Amara McLaughlin-Harris: The Legal History of Psychoactive Drugs


            The rapid growth of the pharmaceutical industry during the second half of the 19th century has had a substantial impact on the development of the different medical disciplines. This became especially true of psychiatry with the introduction of psychoactive drugs capable of affecting behavior.

            During the second halfof the 20th century the development of drugs with a differential effect on the pathology of mental processing saw the pharmaceutical industry playing an increasingly formative role in the development of psychiatry. 

            In the 21st century therapy with psychoactive drugs has become the primary form of treatment formental disorders and, accordingly, the pharmaceutical industry has become perhaps the single most important influence on psychiatric research, education and clinical practice.  

            The objective of this educational series is to provide information about the legislative and jurisprudential underpinnings of this development. The series will provide a foundation for understanding the effect of law on various drug research, production and distribution practices and will unfold through vignettes describing legislation and jurisprudence representing discrete episodes in legal history that have influenced these practices. The vignettes begin in the middle of the 19th century andprogress chronologically and comparatively through international jurisdictions and diverse areas of law.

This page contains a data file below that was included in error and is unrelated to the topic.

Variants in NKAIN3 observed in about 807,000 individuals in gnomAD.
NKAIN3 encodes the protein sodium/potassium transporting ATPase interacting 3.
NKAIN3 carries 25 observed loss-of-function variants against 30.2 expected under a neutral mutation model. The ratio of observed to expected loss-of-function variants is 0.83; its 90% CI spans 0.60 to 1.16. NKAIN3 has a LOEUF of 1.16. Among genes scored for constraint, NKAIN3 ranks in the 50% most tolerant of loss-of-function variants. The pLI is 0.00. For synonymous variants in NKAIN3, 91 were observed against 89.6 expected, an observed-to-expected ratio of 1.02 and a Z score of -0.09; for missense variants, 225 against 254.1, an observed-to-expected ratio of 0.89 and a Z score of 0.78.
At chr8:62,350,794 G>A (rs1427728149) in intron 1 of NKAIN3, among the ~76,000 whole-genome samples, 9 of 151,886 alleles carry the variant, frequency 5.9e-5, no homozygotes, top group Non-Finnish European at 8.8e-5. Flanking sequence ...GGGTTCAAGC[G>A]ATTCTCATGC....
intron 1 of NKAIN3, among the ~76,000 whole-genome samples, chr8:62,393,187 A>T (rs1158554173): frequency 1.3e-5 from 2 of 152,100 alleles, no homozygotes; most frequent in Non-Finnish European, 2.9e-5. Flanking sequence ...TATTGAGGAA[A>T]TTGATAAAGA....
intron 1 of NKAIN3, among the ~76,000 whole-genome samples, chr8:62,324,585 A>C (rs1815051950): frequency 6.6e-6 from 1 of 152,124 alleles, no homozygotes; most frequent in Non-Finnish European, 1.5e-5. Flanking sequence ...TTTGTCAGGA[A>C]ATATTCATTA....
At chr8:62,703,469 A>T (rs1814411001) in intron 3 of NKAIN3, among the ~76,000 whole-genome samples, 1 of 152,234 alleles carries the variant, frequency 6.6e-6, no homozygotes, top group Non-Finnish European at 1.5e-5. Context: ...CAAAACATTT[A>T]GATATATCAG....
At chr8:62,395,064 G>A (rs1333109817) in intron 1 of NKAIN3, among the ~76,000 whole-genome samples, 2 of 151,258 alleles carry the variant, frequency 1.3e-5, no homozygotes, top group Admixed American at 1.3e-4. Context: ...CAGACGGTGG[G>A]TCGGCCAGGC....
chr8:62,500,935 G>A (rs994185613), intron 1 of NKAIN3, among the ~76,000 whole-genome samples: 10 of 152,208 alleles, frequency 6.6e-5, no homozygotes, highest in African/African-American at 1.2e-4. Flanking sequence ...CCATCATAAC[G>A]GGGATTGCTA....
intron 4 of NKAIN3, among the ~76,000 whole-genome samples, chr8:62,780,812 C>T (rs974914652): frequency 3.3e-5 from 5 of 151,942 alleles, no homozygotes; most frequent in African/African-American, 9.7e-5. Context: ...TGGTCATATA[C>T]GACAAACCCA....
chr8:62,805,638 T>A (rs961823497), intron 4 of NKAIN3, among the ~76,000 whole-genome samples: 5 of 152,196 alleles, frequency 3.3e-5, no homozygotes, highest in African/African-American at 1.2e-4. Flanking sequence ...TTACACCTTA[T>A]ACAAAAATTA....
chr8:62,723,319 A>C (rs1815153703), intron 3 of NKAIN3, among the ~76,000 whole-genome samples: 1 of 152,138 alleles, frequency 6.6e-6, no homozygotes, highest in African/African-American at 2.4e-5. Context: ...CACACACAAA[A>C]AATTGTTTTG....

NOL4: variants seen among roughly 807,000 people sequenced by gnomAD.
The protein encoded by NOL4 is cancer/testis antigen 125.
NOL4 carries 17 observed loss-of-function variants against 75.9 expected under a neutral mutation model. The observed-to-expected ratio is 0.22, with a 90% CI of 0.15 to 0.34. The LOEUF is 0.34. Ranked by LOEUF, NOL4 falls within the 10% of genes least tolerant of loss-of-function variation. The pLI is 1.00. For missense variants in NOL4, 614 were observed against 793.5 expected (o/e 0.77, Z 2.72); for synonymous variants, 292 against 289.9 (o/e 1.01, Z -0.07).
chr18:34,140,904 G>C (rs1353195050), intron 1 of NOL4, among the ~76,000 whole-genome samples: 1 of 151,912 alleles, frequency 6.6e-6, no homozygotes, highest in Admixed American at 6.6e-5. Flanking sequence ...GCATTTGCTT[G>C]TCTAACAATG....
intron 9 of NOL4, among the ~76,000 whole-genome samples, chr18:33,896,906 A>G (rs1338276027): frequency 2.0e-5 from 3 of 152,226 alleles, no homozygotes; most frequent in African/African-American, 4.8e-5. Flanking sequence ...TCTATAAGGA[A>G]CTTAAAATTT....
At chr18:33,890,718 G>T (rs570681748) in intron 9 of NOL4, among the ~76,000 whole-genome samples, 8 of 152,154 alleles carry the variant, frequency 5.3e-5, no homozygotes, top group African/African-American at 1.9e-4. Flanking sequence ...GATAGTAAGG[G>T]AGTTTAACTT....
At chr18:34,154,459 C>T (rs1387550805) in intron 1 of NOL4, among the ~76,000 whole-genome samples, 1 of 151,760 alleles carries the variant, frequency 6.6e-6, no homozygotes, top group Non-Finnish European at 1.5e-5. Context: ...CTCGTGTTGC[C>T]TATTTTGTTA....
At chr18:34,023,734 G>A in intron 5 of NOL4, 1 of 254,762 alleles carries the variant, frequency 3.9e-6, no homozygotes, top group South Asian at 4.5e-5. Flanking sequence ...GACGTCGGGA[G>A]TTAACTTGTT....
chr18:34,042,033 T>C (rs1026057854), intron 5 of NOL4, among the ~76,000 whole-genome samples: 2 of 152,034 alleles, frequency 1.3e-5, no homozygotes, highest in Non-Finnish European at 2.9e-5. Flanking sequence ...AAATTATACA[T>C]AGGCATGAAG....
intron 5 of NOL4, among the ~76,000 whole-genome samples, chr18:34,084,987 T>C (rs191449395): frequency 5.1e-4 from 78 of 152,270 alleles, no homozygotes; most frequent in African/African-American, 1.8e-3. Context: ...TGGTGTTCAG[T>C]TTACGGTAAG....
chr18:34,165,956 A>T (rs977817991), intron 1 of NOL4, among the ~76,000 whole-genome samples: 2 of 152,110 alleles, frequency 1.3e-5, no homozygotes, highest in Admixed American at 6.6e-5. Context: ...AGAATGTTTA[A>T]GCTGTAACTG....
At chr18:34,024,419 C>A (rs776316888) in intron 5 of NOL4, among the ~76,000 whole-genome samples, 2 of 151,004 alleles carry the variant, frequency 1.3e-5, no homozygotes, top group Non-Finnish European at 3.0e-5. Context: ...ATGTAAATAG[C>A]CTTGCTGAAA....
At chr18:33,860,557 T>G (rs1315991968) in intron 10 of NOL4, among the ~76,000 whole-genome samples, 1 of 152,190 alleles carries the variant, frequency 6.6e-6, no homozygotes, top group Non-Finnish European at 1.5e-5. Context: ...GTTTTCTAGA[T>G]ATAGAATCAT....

Therationale for starting in the mid-19th century is to provide a pre-history of law that would set the scene onto which psychoactive drugs would eventually emerge. This pre-history looks to the roots of existing practice by examining the framework of regulations and institutions into which psychoactive drugs were introduced. Consequently, while the psychiatric significance of vignettes concerning laws that came into force before the 1950s (prior to the introduction of psychoactive drugs) may not be immediately obvious,the implications of these early laws for psychiatry will becomeclear as the series progresses.

            The breadth of law to be addressed in this series will be limited only by the requirement that the statute or case in question has importance to the useof psychoactive drugs and the pharmaceutical industry. While company or corporate law, intellectual property law and drug regulation will be at the center of this series, many other areas of law converge upon the pharmaceutical industry and psychoactive drug treatment that may fall to be described.  As a result, it is foreseeable that these vignettes will discuss developments in such additional areas as professional regulation, public health law, mental health law and administrative law.

            Building on this foundation, this series offers an understanding of the nature of the effect that law has on psychoactive drug therapies and of the knowledge being produced in this area.


September 6, 2018